When I started reading Happyface by Stephen Emond, I was prepared for a light-hearted, humorous read. (The big yellow smiley-face on the cover led me to that assumption.) Well, let’s just say that I didn’t exactly get what I was expecting. While the journal format was different from a lot of young adult novels, the whiny, self-centered protagonist was not. I’m not saying that’s necessarily a bad thing. Many young adults I know are whiny and self-centered, so they’ll be able to easily relate to this character, also known as Happyface.
We begin our story in a seemingly normal situation–a teen boy is out of school for the summer; his older brother Everett is home from college; they live with their parents who have their problems but seem to fit together; and this teen boy is in love with his best friend Chloe. Everything’s great, right? Um, no. Fast forward to August, and our young friend is entering a new school, he and his mom have moved into a tiny apartment, and there is little to no mention of Dad, Everett, or Chloe. What happened in just a couple of short months? (Note: I’m not going to tell you. You’ll have to read to find out.)
With all these changes, our main character decides to make some changes of his own. At his old school, he was kind of a nerd, always apart from everyone else (except Chloe). Now, he is determined to be different. He wants to be outgoing, popular, active. It all begins when he meets Gretchen. He makes an effort to be nice and happy around her, and Happyface is born. That’s the nickname Gretchen gives him because he’s always smiling. Happyface thinks if he’s smiling and acting like nothing bothers him, people will like him and not care (or know) about the mess his life is at home. For a while, it works. He’s going to all the parties, breaking curfew, hanging out with new friends, and basically becoming the popular guy he’s always wanted to be.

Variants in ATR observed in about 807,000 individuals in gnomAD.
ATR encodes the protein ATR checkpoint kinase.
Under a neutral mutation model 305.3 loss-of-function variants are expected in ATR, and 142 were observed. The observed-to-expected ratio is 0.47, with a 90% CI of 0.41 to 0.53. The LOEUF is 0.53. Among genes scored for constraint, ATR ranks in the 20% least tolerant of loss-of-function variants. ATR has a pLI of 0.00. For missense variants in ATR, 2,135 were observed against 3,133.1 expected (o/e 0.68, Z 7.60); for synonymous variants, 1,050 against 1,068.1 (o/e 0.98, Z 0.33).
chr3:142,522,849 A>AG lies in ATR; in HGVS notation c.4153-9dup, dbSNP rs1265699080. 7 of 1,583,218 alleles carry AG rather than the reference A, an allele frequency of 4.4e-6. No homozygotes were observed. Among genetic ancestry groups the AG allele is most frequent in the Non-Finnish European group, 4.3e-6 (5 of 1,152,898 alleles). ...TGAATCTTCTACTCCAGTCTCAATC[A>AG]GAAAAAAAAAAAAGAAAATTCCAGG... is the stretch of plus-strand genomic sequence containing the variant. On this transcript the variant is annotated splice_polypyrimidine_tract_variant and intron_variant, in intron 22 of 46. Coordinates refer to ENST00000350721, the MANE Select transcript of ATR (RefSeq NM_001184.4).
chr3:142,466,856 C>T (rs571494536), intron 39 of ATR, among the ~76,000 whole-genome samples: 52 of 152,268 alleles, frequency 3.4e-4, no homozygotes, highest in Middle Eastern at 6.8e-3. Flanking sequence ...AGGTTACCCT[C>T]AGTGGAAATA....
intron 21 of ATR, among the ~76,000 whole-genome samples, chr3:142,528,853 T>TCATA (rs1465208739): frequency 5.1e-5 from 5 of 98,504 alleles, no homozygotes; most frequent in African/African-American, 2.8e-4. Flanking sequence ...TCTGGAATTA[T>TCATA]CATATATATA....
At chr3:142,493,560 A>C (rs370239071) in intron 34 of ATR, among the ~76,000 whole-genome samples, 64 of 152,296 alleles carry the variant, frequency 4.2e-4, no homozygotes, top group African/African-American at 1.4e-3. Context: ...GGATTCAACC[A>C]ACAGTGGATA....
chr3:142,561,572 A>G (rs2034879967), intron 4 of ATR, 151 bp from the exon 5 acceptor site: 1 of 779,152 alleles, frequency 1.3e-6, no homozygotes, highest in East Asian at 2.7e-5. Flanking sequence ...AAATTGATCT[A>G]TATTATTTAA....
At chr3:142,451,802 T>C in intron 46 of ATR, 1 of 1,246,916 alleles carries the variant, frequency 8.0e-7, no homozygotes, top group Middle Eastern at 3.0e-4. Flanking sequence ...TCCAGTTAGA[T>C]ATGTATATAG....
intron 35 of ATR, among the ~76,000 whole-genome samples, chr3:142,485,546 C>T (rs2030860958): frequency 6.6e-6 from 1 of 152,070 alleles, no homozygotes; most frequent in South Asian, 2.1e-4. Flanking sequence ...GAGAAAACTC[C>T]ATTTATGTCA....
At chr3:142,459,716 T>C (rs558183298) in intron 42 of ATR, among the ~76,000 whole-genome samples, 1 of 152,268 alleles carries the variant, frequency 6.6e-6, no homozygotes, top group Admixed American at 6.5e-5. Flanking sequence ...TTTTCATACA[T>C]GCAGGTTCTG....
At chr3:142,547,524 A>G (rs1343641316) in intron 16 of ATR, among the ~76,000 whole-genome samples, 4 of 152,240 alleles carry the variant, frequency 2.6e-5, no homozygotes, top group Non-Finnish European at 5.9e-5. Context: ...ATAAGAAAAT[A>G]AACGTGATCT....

As with most things, however, this new-found popularity cannot last. People begin to find out just what Happyface is hiding. They discover what happened with his parents, his brother, and his best friend. Happyface is back to square one, and he’s not, well, happy about it. How can one person experience the highest of highs and the lowest of lows in one short year? (Trust me, it can happen. I speak from experience.) How can Happyface reconcile his new life with the one he thought he left behind? Read Happyface by Stephen Emond to find out.
If you like books written in journal format with lots of illustrations, Happyface might be the book for you. If you enjoy it, I also encourage you to check out Sherman Alexie’s The Absolutely True Diary of a Part-Time Indian. The books have similar formats, but, while Happyface takes himself way too seriously most of the time, the main character in Alexie’s book uses a lot of humor to get him through some tough situations.
For more information on Happyface and Stephen Emond, visit http://www.stephenemond.com/.